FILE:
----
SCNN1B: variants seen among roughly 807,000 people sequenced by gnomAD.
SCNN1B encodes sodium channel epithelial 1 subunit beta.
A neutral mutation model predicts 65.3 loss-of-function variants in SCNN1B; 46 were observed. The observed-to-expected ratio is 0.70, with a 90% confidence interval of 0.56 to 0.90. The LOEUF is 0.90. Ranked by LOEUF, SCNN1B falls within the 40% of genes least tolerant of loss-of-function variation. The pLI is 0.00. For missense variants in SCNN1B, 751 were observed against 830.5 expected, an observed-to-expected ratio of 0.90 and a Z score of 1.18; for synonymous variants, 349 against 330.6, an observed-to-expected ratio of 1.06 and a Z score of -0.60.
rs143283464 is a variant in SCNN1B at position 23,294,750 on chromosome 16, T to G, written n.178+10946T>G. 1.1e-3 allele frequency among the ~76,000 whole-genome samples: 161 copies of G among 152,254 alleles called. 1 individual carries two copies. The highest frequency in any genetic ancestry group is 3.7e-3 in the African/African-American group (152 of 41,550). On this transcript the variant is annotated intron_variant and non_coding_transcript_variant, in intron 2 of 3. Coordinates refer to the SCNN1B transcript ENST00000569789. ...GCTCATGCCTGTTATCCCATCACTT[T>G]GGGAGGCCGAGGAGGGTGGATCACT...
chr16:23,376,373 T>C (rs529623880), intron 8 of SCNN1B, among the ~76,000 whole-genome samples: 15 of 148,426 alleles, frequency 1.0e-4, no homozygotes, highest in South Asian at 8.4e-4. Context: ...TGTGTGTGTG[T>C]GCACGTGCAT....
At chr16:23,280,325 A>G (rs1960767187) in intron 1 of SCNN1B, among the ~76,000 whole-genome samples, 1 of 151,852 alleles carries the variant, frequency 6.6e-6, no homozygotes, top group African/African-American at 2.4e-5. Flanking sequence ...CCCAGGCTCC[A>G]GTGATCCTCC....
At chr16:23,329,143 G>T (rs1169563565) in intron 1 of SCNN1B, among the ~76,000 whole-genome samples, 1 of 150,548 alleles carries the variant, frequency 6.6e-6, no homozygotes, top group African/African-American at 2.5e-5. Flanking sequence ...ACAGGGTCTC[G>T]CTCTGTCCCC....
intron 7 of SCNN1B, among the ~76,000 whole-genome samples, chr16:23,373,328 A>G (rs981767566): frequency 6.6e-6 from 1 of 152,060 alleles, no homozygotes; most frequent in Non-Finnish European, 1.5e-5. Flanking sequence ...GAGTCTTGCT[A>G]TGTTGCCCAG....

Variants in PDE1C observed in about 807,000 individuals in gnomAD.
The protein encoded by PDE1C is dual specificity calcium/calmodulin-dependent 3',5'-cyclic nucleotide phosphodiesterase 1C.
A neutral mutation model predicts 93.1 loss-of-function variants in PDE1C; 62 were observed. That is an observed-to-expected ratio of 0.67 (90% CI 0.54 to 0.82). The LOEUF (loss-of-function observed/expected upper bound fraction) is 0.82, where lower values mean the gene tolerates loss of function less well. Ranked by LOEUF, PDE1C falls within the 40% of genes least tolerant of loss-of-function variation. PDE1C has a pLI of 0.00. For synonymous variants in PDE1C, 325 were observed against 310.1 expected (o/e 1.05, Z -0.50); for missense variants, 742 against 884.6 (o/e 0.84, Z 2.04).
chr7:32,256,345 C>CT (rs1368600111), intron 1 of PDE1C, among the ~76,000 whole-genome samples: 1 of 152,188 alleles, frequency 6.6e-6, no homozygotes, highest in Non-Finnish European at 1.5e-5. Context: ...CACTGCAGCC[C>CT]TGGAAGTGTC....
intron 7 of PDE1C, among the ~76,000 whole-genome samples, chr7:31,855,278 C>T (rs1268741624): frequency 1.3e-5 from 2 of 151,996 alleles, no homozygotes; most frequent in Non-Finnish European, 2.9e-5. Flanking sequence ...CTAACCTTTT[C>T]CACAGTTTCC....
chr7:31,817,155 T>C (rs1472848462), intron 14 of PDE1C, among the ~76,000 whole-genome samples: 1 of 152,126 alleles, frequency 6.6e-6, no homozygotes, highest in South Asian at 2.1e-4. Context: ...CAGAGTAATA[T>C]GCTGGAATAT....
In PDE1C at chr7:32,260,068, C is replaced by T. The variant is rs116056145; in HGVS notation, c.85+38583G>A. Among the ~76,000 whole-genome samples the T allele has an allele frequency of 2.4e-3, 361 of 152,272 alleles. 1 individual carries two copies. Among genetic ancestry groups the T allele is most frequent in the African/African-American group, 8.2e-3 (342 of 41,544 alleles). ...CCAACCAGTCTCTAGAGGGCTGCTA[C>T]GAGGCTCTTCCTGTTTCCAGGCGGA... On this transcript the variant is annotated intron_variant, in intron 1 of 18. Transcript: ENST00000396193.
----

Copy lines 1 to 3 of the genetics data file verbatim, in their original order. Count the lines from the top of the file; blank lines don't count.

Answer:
SCNN1B: variants seen among roughly 807,000 people sequenced by gnomAD.
SCNN1B encodes sodium channel epithelial 1 subunit beta.
A neutral mutation model predicts 65.3 loss-of-function variants in SCNN1B; 46 were observed. The observed-to-expected ratio is 0.70, with a 90% confidence interval of 0.56 to 0.90. The LOEUF is 0.90. Ranked by LOEUF, SCNN1B falls within the 40% of genes least tolerant of loss-of-function variation. The pLI is 0.00. For missense variants in SCNN1B, 751 were observed against 830.5 expected, an observed-to-expected ratio of 0.90 and a Z score of 1.18; for synonymous variants, 349 against 330.6, an observed-to-expected ratio of 1.06 and a Z score of -0.60.